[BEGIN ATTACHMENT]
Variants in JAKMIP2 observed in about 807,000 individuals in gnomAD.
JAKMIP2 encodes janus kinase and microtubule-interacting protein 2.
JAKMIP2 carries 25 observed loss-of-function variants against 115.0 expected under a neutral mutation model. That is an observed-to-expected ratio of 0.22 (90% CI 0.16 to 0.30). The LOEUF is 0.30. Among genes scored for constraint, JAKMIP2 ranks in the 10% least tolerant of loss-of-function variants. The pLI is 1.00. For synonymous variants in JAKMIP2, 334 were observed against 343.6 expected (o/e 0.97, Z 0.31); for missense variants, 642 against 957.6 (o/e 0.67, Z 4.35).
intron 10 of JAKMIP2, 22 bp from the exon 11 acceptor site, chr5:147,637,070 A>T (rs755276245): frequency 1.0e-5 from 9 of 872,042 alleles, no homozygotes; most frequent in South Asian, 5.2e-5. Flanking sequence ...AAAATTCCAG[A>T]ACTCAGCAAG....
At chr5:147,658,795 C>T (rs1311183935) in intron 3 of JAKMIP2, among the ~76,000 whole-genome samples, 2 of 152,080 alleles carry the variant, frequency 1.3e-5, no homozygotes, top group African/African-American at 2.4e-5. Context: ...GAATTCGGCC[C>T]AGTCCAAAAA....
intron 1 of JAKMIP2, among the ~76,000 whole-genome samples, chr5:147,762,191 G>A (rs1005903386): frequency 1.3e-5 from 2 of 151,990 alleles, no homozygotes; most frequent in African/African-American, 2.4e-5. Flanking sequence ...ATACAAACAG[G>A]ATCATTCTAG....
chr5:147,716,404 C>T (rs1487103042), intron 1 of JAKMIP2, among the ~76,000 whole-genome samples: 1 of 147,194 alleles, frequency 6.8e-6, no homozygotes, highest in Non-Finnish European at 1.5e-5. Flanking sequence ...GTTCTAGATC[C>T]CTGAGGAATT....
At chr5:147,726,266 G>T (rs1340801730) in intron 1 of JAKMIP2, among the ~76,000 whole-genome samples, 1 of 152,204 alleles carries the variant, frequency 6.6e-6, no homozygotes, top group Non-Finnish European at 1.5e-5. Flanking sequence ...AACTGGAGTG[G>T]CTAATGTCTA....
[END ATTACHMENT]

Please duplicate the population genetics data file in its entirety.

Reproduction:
Variants in JAKMIP2 observed in about 807,000 individuals in gnomAD.
JAKMIP2 encodes janus kinase and microtubule-interacting protein 2.
JAKMIP2 carries 25 observed loss-of-function variants against 115.0 expected under a neutral mutation model. That is an observed-to-expected ratio of 0.22 (90% CI 0.16 to 0.30). The LOEUF is 0.30. Among genes scored for constraint, JAKMIP2 ranks in the 10% least tolerant of loss-of-function variants. The pLI is 1.00. For synonymous variants in JAKMIP2, 334 were observed against 343.6 expected (o/e 0.97, Z 0.31); for missense variants, 642 against 957.6 (o/e 0.67, Z 4.35).
intron 10 of JAKMIP2, 22 bp from the exon 11 acceptor site, chr5:147,637,070 A>T (rs755276245): frequency 1.0e-5 from 9 of 872,042 alleles, no homozygotes; most frequent in South Asian, 5.2e-5. Flanking sequence ...AAAATTCCAG[A>T]ACTCAGCAAG....
At chr5:147,658,795 C>T (rs1311183935) in intron 3 of JAKMIP2, among the ~76,000 whole-genome samples, 2 of 152,080 alleles carry the variant, frequency 1.3e-5, no homozygotes, top group African/African-American at 2.4e-5. Context: ...GAATTCGGCC[C>T]AGTCCAAAAA....
intron 1 of JAKMIP2, among the ~76,000 whole-genome samples, chr5:147,762,191 G>A (rs1005903386): frequency 1.3e-5 from 2 of 151,990 alleles, no homozygotes; most frequent in African/African-American, 2.4e-5. Flanking sequence ...ATACAAACAG[G>A]ATCATTCTAG....
chr5:147,716,404 C>T (rs1487103042), intron 1 of JAKMIP2, among the ~76,000 whole-genome samples: 1 of 147,194 alleles, frequency 6.8e-6, no homozygotes, highest in Non-Finnish European at 1.5e-5. Flanking sequence ...GTTCTAGATC[C>T]CTGAGGAATT....
At chr5:147,726,266 G>T (rs1340801730) in intron 1 of JAKMIP2, among the ~76,000 whole-genome samples, 1 of 152,204 alleles carries the variant, frequency 6.6e-6, no homozygotes, top group Non-Finnish European at 1.5e-5. Flanking sequence ...AACTGGAGTG[G>T]CTAATGTCTA....